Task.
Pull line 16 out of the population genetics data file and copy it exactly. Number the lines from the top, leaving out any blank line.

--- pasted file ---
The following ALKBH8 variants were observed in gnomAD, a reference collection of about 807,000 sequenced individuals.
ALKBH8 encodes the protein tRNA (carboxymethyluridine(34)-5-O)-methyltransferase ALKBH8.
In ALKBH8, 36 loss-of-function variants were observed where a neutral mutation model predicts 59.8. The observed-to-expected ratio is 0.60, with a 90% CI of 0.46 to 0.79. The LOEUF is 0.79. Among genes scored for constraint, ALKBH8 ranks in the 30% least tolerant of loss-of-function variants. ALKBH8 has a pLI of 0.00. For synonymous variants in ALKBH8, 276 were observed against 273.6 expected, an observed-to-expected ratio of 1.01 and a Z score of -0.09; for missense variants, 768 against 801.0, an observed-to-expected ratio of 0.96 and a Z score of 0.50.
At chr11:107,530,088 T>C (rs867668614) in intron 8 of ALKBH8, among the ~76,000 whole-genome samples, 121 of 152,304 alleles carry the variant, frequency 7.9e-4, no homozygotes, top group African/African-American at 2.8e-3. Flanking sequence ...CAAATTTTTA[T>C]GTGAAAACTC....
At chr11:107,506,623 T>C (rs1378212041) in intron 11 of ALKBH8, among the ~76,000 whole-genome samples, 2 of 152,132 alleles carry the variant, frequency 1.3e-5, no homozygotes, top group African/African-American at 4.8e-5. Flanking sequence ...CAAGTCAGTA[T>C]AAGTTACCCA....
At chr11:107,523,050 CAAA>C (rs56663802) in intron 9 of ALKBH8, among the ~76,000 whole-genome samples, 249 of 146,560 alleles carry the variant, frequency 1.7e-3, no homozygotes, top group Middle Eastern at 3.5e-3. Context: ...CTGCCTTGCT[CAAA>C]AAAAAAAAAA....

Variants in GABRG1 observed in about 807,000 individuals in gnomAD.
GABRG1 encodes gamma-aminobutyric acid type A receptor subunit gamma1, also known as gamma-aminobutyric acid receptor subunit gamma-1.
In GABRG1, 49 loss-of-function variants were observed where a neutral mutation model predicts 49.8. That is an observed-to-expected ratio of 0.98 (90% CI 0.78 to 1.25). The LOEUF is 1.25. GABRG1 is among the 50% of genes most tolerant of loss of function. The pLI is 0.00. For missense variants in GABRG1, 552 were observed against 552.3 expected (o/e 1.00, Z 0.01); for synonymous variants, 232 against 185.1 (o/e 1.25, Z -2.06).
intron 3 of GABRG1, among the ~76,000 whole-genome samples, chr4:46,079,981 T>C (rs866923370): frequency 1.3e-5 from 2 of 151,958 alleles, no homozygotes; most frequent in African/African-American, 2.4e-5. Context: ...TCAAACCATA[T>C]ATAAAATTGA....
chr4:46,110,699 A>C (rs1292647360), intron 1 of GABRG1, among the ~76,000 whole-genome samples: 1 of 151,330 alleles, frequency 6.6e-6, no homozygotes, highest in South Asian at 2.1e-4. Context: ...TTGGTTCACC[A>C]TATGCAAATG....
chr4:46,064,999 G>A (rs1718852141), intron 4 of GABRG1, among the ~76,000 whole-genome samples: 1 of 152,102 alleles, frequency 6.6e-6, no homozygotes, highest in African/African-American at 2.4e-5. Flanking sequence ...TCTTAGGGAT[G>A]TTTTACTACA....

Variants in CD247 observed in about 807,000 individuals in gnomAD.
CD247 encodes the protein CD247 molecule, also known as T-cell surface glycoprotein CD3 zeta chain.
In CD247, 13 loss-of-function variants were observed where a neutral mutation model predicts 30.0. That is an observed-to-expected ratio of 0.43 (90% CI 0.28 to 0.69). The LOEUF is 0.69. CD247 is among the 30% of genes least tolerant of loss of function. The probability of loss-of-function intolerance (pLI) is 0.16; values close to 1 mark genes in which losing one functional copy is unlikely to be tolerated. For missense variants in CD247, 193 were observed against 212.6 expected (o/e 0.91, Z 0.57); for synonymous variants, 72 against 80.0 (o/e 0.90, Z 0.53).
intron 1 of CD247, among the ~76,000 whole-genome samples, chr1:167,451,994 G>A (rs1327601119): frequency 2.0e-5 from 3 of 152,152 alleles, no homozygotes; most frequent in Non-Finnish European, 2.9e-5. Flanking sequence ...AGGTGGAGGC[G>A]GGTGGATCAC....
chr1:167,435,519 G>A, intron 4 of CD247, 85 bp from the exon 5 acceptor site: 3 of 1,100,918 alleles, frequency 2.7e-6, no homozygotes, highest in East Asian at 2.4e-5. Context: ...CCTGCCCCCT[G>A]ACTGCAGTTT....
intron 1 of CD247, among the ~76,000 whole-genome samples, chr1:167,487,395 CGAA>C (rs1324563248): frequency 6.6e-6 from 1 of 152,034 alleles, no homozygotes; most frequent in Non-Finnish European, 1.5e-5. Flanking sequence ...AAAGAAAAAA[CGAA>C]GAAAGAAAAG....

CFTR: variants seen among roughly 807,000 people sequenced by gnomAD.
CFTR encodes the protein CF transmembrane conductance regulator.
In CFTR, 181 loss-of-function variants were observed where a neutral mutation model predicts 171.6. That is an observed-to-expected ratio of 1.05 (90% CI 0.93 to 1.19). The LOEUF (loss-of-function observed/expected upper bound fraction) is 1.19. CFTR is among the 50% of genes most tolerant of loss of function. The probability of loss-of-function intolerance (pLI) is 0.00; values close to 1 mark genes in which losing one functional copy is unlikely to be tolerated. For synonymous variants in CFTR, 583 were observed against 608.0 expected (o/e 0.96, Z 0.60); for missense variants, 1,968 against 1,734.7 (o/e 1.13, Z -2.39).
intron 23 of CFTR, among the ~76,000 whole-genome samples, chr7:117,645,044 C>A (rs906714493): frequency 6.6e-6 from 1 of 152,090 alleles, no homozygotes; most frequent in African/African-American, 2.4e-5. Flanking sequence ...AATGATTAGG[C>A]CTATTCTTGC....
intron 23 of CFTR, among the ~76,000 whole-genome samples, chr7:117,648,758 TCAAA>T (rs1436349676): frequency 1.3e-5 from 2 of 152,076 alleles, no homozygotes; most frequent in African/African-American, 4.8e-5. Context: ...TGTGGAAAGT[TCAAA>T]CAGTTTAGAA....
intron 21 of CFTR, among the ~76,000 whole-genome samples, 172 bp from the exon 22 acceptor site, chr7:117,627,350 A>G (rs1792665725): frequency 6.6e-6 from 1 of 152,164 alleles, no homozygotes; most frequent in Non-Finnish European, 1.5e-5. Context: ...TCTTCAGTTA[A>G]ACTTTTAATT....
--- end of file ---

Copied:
intron 1 of CD247, among the ~76,000 whole-genome samples, chr1:167,451,994 G>A (rs1327601119): frequency 2.0e-5 from 3 of 152,152 alleles, no homozygotes; most frequent in Non-Finnish European, 2.9e-5. Flanking sequence ...AGGTGGAGGC[G>A]GGTGGATCAC....